That almost certainly means some kind of national consensus on carbon pricing. Canada is one of the worst emitters per capita, at 14.1 tonnes per person (compared to 9.2 tonnes per person in Norway or 6.7 tonnes per person for China), and while only two per cent of the world’s emissions originate here, that still puts the country on the top 10 highest-emitters list (China, the U.S. and India combined account for half the world’s emissions). On provisions to cut emissions, the federal government lags several provinces: British Columbia and Alberta both have carbon taxes, and both plan to strengthen those policies. Quebec has a cap and trade system, with Ontario to follow suit in the near future. Even Saskatchewan Premier Brad Wall recently said the province will more than double its reliance on renewable sources by 2030, although that will still mean getting half its energy from high-emitting coal and natural gas.

Saskatchewan Premier Brad Wall. (David Stobbe/Reuters)

Saskatchewan Premier Brad Wall. (David Stobbe/Reuters)

Still, Wall, who faces an election in the spring, isn’t likely to make forging a national plan easy, given the potential impact on Saskatchewan’s economy. A recent report by the Ecofiscal commission, a group of economists that aims to increase economic and environmental prosperity, found a modest carbon tax would have a limited effect on all provinces but Alberta and Saskatchewan, where a significantly larger chunk of their economies would be at risk.

Erin Flanagan, an oil sands analyst at the Pembina Institute, says because Saskatchewan and Alberta have significantly higher per capita emissions, other countries will be watching their contributions in Paris. “What comes out of those two jurisdictions is going to matter a lot in terms of our credibility on the international stage,” she said.

One thing that won’t come out of Paris is a specific plan to lower Canadian emissions. That’s something the Liberals say will only happen after Trudeau meets again with the premiers within 90 days of the international talks. McKenna says the Conservative government’s targets—which many consider to be too low—are the floor, not the ceiling, of what Canada will attempt. Those targets stand at a 17 per cent reduction from 2005 emissions by 2020 and a 30 per cent reduction by 2030. Few, if any, think it will be possible to hit the 2020 targets with only four years to go, and it’s debatable whether the government can meet the 2030 goal without buying international carbon offsets.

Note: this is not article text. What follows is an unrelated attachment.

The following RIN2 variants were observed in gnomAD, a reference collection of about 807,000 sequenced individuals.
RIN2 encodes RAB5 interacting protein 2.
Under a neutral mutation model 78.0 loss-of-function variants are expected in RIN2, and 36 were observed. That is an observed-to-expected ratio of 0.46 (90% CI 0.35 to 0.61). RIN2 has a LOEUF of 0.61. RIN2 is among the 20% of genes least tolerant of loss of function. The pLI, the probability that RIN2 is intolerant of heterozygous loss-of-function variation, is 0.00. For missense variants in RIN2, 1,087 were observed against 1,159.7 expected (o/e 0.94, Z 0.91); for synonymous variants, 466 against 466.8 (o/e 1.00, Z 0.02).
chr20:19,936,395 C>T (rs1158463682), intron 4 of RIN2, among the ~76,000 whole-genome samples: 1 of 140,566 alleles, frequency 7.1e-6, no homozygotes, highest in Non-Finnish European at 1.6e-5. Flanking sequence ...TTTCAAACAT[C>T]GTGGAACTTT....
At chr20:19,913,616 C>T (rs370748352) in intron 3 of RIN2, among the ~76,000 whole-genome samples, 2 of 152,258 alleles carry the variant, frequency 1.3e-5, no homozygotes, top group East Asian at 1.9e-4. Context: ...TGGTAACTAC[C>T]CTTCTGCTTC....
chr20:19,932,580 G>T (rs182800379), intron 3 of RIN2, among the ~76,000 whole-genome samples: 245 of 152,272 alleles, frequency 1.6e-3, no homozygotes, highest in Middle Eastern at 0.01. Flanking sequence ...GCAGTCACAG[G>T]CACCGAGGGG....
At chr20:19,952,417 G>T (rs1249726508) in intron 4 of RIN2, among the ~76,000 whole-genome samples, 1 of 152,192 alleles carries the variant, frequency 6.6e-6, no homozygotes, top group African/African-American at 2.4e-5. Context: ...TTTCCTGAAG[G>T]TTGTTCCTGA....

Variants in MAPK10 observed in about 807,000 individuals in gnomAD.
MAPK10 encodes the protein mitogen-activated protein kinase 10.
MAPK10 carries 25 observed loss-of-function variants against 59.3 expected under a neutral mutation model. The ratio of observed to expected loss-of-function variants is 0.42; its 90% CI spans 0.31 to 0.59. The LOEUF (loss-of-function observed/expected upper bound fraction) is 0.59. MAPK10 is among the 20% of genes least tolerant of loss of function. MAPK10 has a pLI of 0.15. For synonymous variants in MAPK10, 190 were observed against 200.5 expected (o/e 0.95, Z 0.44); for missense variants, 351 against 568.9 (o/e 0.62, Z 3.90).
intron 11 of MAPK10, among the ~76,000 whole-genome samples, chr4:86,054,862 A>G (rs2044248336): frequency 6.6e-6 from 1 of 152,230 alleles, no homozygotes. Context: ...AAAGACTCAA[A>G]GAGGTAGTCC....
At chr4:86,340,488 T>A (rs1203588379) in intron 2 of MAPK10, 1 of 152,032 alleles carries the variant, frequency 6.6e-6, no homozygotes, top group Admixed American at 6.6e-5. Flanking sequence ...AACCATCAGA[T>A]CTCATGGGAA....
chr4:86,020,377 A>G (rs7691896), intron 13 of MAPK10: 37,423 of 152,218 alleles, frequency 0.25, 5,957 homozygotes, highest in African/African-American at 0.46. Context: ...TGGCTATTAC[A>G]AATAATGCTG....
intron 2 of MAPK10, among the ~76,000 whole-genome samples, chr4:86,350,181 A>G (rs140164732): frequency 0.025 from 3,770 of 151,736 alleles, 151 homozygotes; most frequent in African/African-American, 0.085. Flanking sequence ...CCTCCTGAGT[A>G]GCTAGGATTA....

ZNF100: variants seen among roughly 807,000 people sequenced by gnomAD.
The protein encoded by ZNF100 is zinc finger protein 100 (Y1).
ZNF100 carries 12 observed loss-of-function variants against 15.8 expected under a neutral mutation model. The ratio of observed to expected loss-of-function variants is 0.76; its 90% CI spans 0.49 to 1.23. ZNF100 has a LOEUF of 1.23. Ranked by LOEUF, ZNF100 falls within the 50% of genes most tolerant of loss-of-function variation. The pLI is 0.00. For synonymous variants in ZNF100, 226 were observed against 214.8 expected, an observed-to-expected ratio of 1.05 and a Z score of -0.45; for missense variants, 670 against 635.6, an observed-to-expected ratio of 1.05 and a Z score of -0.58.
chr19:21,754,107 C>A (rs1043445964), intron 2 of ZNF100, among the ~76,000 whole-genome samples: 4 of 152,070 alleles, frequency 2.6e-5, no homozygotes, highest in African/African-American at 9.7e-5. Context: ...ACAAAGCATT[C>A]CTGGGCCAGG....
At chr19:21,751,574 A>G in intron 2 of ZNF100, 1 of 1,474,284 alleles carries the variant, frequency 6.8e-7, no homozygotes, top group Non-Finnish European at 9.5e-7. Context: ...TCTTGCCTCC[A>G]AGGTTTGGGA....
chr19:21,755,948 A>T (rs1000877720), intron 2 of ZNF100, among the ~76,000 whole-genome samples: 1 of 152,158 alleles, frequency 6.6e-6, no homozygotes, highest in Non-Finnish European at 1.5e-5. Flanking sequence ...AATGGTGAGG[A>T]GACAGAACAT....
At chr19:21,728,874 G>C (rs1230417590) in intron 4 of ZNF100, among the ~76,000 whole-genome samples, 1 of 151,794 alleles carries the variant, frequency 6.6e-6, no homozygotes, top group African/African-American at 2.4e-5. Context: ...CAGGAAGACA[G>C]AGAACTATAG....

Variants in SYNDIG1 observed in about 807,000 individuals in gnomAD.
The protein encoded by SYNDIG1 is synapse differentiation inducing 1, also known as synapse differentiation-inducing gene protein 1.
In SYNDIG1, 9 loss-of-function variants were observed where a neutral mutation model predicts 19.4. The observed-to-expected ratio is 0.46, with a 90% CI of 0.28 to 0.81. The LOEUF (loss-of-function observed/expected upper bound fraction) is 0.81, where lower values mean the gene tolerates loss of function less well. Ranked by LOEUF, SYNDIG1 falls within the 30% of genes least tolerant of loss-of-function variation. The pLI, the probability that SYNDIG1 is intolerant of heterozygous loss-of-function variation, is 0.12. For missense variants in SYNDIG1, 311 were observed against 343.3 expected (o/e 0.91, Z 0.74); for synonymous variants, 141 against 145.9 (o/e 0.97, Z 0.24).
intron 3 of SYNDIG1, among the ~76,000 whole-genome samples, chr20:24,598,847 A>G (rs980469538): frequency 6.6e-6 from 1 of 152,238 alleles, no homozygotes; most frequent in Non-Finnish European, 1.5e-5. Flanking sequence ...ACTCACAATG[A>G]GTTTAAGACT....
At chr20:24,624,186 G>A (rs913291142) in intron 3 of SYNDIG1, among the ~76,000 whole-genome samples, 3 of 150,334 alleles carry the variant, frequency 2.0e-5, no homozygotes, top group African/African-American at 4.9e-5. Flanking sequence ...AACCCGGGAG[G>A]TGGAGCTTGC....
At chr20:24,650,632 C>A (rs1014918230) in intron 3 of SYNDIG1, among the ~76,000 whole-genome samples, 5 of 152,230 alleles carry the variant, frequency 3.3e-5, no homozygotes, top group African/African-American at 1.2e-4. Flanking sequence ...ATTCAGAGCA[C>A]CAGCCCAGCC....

But Canada isn’t the only country far from meeting its commitments to limit global warming, a point Foreign Affairs Minister Stéphane Dion (a former environment minister) made prior to the climate conference. “It’s very unlikely that Paris will deliver a two-degree Celsius agreement. Because we know already what the large emitters have committed to do and the assessment of the United Nations is [it will mean] 2.7 [degrees] of warming,” he said at the Asia-Pacific Economic Co-operation summit in Manila.

Still, expectations for this summit are running high. John Drexhage, a former Canadian negotiator who is now a senior advisor to Quebec-based organization Coop Carbone, points out that 150 countries have submitted their plans for reducing greenhouse gas emissions to the UN. “The dynamics and the hubris of negotiations could easily brush that all aside,” he said. “But it has more potential to try and change the architecture of addressing climate change than what we’ve seen anywhere heretofore.”

For keen Canadian observers, what matters will be what comes after the watershed international conference. Paul Boothe, the former deputy minister of Environment Canada, says Canada’s promised goals are ambitious enough. “What I think they need to do when they’re in Paris is be clear that they are going to take significant action.”

The real challenge, he says, is not the international talks: it’s whether the federal government can co-ordinate the provinces afterward.